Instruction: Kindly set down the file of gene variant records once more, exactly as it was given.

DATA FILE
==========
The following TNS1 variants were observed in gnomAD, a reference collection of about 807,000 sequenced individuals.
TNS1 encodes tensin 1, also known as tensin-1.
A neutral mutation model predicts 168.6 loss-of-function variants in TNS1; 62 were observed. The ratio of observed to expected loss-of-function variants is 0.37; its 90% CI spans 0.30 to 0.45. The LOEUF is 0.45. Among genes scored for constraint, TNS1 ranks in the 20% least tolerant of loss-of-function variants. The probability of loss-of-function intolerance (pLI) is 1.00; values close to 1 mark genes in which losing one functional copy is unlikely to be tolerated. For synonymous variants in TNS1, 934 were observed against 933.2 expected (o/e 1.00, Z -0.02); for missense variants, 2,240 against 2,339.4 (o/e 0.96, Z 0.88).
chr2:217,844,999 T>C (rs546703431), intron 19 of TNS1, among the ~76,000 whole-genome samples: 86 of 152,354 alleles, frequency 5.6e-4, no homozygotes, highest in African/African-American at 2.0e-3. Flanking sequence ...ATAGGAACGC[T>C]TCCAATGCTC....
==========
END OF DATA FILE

The following TNS1 variants were observed in gnomAD, a reference collection of about 807,000 sequenced individuals.
TNS1 encodes tensin 1, also known as tensin-1.
A neutral mutation model predicts 168.6 loss-of-function variants in TNS1; 62 were observed. The ratio of observed to expected loss-of-function variants is 0.37; its 90% CI spans 0.30 to 0.45. The LOEUF is 0.45. Among genes scored for constraint, TNS1 ranks in the 20% least tolerant of loss-of-function variants. The probability of loss-of-function intolerance (pLI) is 1.00; values close to 1 mark genes in which losing one functional copy is unlikely to be tolerated. For synonymous variants in TNS1, 934 were observed against 933.2 expected (o/e 1.00, Z -0.02); for missense variants, 2,240 against 2,339.4 (o/e 0.96, Z 0.88).
chr2:217,844,999 T>C (rs546703431), intron 19 of TNS1, among the ~76,000 whole-genome samples: 86 of 152,354 alleles, frequency 5.6e-4, no homozygotes, highest in African/African-American at 2.0e-3. Flanking sequence ...ATAGGAACGC[T>C]TCCAATGCTC....